University of Illinois Welcomes Chinese Exchange Students

Although many IMSA students regard admission to the University of Illinois-Urbana Champaign as guaranteed and easy, the 600 Chinese exchange students who will soon call the university ‘home’ have described it as their dream school. Making up nearly 10% of the freshman class, the students will major in math- and science-related fields ranging from engineering and computer science to chemistry. The number of international students at UIUC is so large that, in fact, the university has more international students than any other public university in the United States.

Each year, China sends the largest number of undergraduates abroad, increasing from 128,000 in 2009 to 235,000 in 2012. The increase in students was expected because many households are composed of one child and two working parents. To them, the investment in education is affordable. The students are even willing to pay full tuition, a minimum of $31,000 per year, for education at U of I – not including housing. In fact, some families save enough to pay $50,000 yearly university tuition while living in moderately-sized houses.

However, the students are not the only ones benefiting from studying abroad: last year, international students contributed $211 million to the campus budget with over half of that coming from the Chinese exchange students. University of Illinois-Urbana Champaign President Robert Easter admitted, “It brings dollars into the state. That can’t be our primary objective, but it does contribute to the state’s economy.”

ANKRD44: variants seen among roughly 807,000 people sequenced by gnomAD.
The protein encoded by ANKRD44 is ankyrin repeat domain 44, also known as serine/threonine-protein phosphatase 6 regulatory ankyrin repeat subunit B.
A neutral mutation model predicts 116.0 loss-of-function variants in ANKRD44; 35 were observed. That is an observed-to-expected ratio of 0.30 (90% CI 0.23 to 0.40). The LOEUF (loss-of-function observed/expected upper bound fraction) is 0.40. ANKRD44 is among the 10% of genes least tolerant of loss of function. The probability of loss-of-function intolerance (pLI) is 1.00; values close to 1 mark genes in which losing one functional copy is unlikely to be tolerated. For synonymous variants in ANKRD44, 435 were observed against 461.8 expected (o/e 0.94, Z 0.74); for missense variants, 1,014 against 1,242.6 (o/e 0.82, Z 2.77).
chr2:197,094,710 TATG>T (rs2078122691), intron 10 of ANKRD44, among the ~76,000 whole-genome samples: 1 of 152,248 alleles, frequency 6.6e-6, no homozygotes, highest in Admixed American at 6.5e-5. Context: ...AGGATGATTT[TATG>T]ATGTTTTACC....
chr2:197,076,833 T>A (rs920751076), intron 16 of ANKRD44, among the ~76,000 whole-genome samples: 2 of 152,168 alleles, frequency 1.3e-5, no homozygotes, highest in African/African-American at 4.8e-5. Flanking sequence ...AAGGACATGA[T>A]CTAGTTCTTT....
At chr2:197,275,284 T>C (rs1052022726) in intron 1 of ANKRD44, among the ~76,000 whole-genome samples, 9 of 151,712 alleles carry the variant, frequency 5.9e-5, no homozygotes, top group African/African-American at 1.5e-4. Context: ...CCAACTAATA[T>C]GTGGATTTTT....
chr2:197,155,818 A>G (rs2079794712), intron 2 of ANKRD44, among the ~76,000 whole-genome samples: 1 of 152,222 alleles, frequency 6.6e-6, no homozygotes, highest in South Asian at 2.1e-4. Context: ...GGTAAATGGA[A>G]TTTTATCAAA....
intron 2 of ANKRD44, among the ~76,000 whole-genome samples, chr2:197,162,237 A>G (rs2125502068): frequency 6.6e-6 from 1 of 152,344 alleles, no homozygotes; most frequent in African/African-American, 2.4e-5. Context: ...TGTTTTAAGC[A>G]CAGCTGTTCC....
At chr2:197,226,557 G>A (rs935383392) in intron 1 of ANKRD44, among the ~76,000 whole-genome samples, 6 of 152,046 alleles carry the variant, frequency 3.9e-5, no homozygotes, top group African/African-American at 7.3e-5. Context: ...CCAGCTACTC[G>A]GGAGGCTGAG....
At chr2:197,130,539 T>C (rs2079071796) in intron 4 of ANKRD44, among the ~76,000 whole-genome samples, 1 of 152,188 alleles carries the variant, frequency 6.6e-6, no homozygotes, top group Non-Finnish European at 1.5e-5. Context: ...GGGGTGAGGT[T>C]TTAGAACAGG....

Overall, Chinese exchange students come to the U.S. for different reasons. According to the Chicago Tribune, students in China are urged to choose professions based on skill while there is more freedom of choice in America. One Chinese student said, “College life in the United States is more free. I didn’t have to decide my major before I attended university, and to be honest,  I am still not clear about what I am most interested in.” Meanwhile another student said, “I am bored of taking exams in China, and many teachers only emphasize grades. It had no meaning. I would like to study in America to find a more challenging education curriculum,” referencing the National Higher Education Entrance Examination, an exam similar to the SAT but lasting 2-3 days. Many students hired tutors to prepare for the SAT; international students scoring lower than 550 in critical reading and writing are not considered for admission.

This summer, three full-day orientations were held in China (Shanghai, Beijing and Guangzhou) to help make the transition smoother for the upcoming 2014-2015 school year. The students and their parents learned everything from what to pack (‘Girls, do not bring umbrellas for shade during the summer’) to the visa application process. Excited for the coming year away from home, U of I education is an open door of opportunity, a dream come true. Be thankful for the opportunities you’ve been given; these Chinese Exchange students would take the “guaranteed admission” in a heartbeat.

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